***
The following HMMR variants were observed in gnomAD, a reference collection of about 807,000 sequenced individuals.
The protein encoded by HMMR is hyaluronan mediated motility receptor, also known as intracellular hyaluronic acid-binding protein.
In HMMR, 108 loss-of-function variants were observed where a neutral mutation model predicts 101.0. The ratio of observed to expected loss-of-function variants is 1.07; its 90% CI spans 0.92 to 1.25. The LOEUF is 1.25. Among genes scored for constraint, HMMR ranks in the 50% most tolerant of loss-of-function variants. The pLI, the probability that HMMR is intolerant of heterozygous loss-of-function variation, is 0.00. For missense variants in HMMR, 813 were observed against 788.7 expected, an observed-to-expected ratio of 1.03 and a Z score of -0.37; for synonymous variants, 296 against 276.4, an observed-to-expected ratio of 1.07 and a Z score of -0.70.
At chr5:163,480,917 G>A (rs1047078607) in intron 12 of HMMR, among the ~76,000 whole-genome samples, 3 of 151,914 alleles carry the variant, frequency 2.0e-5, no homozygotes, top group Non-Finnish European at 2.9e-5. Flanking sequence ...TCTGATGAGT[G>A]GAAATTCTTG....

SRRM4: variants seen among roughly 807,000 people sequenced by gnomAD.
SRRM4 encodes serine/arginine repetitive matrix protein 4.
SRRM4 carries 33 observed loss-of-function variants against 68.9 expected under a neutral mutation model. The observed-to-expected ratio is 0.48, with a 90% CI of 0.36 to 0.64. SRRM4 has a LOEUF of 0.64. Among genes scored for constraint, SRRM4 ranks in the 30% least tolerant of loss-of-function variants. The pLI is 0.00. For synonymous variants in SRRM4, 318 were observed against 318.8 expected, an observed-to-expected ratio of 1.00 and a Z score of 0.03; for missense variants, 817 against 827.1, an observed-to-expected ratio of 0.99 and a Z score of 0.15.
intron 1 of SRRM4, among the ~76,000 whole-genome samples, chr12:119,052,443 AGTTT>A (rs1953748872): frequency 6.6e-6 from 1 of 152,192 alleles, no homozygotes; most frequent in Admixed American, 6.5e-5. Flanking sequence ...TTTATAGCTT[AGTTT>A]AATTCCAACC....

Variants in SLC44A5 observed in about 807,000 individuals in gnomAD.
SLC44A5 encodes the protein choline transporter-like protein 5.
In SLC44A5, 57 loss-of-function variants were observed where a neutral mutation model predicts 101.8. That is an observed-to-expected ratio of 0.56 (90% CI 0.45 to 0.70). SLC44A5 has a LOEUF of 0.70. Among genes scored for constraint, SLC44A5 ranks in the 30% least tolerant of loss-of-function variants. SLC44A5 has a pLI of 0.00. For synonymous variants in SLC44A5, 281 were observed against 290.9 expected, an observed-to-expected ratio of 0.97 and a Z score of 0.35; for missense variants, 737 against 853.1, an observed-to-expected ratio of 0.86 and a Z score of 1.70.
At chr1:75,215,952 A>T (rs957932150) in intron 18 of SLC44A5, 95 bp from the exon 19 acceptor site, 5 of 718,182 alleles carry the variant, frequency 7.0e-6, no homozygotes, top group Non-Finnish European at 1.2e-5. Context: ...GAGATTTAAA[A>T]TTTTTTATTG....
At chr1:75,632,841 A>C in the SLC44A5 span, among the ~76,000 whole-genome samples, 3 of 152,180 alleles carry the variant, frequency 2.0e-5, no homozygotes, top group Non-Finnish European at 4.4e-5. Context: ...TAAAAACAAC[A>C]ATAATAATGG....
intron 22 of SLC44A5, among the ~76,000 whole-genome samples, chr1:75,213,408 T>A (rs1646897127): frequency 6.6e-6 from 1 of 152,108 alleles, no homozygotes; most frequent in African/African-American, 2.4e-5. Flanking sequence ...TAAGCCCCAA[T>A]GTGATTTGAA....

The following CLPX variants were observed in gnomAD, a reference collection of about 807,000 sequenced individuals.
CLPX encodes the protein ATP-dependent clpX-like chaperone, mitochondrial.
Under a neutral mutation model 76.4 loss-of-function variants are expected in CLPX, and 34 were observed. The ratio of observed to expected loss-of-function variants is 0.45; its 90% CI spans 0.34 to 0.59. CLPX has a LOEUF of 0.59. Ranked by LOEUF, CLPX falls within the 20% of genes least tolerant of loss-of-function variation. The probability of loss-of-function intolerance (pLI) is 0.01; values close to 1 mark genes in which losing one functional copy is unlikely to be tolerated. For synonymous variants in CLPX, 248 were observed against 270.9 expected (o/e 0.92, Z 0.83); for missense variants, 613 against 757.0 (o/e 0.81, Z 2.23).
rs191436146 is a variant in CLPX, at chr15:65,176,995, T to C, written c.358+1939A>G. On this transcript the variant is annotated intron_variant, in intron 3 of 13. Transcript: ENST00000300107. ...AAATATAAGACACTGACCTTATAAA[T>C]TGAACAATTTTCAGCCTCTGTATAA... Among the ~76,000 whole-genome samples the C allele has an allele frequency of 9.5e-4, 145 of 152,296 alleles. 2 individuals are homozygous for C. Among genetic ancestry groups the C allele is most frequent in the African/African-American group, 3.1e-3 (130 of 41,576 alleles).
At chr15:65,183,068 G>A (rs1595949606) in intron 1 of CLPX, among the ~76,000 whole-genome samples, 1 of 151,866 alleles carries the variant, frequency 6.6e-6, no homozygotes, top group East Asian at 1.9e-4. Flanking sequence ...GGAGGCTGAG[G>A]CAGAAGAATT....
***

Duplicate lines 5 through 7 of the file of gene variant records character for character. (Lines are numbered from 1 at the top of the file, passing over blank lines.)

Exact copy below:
SRRM4: variants seen among roughly 807,000 people sequenced by gnomAD.
SRRM4 encodes serine/arginine repetitive matrix protein 4.
SRRM4 carries 33 observed loss-of-function variants against 68.9 expected under a neutral mutation model. The observed-to-expected ratio is 0.48, with a 90% CI of 0.36 to 0.64. SRRM4 has a LOEUF of 0.64. Among genes scored for constraint, SRRM4 ranks in the 30% least tolerant of loss-of-function variants. The pLI is 0.00. For synonymous variants in SRRM4, 318 were observed against 318.8 expected, an observed-to-expected ratio of 1.00 and a Z score of 0.03; for missense variants, 817 against 827.1, an observed-to-expected ratio of 0.99 and a Z score of 0.15.